Defense Department spokesperson Kenneth Bacon, October 20: "We think that Russia faces some of the same threats that we do from emerging nuclear powers that may not respond to deterrents in the same way that Russia and the US have, and, therefore, we will continue to talk with them on this."

Unnamed, senior State Department official, on November 3, reacting to Russia's November 2 test of an anti-missile rocket: "We find it distressing that Russia is raising the spectre of an arms competition when what we're trying to do is work cooperatively with them to focus on rogue states... It's ironic that on the one hand the Russians would be complaining about our desire to move forward into a possible limited deployment and yet they're testing their own ABM system."

US-Australia Joint Communiqué, Washington, November 3: "Australia encouraged the United States to pursue amendments consistent with the spirit and intent of the ABM Treaty in order to maintain an effective treaty relevant to the new strategic circumstances."

Deputy Defence Minister Nikolai Mikhailov, October 25: "[Our] technology can realistically be used and will be used if the United States pushes us toward it... If the United States violates the 1972 ABM Treaty...Russia can unequivocally defend itself by improving its weaponry. ... Russia's expenses would be several times...lower than the cost of implementing plans for setting up a national missile defence system."

General Anatoly Kvashin, head of the Russian General Staff, November 15: "The selection of the deployment area makes the objective of the national system clear: it is to intercept ballistic missiles launched from Russia and China. ... [This would leave us no option except] to take retaliatory steps and raise the effectiveness of our strategic nuclear forces."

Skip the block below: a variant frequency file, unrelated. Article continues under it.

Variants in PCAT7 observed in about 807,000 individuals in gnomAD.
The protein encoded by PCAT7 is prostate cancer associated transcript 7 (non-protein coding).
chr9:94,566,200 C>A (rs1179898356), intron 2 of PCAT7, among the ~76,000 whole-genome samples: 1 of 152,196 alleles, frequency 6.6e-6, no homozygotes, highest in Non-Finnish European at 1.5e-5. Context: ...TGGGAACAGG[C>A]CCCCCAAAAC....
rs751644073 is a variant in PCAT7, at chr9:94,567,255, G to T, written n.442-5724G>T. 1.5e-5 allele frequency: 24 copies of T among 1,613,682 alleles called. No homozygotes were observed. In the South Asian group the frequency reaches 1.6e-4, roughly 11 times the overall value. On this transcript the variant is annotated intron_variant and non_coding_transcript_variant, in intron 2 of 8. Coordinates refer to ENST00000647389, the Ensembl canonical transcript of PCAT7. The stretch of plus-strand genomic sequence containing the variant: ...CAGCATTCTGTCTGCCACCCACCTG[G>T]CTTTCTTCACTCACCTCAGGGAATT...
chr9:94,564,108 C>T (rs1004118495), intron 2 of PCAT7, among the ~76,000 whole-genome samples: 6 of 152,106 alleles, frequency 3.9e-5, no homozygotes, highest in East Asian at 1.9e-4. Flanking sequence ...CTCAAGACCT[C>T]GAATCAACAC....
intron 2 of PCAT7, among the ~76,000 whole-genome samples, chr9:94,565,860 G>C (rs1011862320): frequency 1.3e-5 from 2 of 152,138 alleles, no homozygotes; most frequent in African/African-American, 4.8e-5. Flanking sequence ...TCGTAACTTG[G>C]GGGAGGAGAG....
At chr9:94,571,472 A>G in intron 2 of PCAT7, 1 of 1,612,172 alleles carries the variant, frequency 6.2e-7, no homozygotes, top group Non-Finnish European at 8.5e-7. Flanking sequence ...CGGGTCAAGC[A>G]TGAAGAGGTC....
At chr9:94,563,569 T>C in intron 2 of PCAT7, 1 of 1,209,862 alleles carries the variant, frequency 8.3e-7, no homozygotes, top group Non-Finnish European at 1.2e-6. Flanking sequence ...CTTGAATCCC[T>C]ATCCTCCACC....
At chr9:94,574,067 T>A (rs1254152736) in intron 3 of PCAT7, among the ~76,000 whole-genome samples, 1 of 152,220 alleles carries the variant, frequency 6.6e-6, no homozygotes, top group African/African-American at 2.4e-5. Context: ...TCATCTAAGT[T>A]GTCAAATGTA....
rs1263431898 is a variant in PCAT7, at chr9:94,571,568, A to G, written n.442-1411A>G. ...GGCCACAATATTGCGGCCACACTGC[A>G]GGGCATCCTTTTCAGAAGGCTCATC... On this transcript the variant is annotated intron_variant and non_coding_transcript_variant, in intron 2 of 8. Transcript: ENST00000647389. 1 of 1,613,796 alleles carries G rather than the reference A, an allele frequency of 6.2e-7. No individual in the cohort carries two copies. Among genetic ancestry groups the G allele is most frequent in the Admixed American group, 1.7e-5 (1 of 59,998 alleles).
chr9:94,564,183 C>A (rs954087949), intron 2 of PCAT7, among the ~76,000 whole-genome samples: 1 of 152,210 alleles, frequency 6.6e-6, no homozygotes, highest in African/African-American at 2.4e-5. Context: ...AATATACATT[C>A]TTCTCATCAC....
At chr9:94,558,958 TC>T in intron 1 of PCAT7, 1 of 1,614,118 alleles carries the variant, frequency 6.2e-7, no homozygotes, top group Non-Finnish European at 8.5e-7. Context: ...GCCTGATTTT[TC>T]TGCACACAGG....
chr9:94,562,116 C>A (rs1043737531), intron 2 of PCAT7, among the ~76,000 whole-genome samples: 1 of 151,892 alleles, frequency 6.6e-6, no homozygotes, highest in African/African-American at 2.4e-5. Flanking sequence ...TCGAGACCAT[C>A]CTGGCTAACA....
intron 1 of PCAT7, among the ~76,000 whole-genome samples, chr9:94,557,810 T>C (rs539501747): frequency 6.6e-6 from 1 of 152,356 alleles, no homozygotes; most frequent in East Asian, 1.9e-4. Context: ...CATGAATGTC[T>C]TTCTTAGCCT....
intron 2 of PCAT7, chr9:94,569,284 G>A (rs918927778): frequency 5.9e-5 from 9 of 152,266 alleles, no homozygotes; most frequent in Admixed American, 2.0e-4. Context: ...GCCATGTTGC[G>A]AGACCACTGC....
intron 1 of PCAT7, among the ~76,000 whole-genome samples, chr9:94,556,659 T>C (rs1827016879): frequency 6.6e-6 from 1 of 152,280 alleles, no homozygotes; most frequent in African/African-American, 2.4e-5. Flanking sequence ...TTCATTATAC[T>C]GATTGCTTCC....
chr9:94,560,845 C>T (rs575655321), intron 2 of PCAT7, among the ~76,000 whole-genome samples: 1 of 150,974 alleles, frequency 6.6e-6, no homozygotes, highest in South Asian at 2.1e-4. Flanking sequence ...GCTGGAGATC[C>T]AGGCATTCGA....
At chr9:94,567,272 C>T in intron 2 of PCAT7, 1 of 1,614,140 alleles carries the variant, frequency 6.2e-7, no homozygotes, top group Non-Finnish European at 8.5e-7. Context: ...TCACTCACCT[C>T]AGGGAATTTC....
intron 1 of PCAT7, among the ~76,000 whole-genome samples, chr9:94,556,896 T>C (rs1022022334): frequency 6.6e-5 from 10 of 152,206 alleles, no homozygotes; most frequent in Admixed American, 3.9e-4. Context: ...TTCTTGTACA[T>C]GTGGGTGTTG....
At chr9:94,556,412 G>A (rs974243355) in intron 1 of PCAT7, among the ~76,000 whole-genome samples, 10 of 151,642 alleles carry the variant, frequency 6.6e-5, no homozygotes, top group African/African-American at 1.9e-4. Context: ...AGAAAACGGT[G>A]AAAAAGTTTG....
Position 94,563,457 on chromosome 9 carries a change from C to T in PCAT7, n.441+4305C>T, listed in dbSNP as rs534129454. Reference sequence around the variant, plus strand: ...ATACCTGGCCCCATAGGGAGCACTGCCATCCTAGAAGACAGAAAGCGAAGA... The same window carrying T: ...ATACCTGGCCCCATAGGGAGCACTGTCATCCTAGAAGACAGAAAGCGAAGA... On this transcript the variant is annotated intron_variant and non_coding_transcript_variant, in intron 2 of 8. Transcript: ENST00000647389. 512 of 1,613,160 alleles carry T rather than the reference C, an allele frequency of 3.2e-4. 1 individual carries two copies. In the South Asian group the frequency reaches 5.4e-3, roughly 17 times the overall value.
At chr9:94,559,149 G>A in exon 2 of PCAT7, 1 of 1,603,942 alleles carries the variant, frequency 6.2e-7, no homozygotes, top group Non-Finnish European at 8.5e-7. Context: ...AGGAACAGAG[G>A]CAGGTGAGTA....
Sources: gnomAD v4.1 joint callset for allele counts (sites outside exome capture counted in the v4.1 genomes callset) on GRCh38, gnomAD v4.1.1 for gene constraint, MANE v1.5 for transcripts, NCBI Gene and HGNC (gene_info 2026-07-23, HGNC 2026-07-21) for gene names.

Colonel-General Leonid Ivashov, head of the Defence Ministry's International Co-operation Division, interview in Krasnaya Zvesda military newspaper, October 26: "The attempt of the United States to protect its territory violates the very principle of the accords... The Russian side's basic premise is the need to preserve the START process of limitations, retaining and reinforcing its foundation: the ABM Treaty of 1972. ... The scheme of violations for the United States is already practically standardised. First they dream up the threat, take the decisions and begin financing. Then they announce that the decision is somehow not final and offer to hold talks on 'changes' to the treaty. Then they wring their hands if their partner does not agree."

Major-General Vladimir Dvorkin, head of the Defence Ministry's Central Research Institute, quoted in The Washington Post, November 4: "If that stone [of the ABM Treaty] is removed, the whole system of treaties will collapse. The ruins will be as follows: START I will be dead, all mutual exchanges of information will be ended, hundreds of verification missions that both sides carry out on a reciprocal basis will be discontinued. We won't know the state of the US strategic forces, and they won't know what we are doing..."

Russian Foreign Ministry statement, October 22: "The Russian negotiators presume that further reductions under START are possible only if the ABM [Treaty], which is decisively important for the whole of the disarmament process, remains intact. ... [I]f this treaty is violated, all negotiations on strategic nuclear weapons will lose their point."

Foreign Ministry Spokesperson Vladimir Rakhmanin, November 10: "Russia will be ready for efforts for further reduction of strategic offensive armaments. This includes cooperation that ABM deals with, but only on condition that the ABM Treaty remains in effect and is strictly complied with. ... We stick to our position on ABM. That means that we do not discuss amendments to ABM. We just listen to the US position, and our position is quite precise, that ABM should stay as it is."

Senior Russian Foreign Ministry official and diplomat Grigory V. Berdennikov, quoted in the New York Times, October 17: "We are open to cooperation. But if our cooperation means changing the ABM Treaty, our answer is 'thanks, but no thanks.'"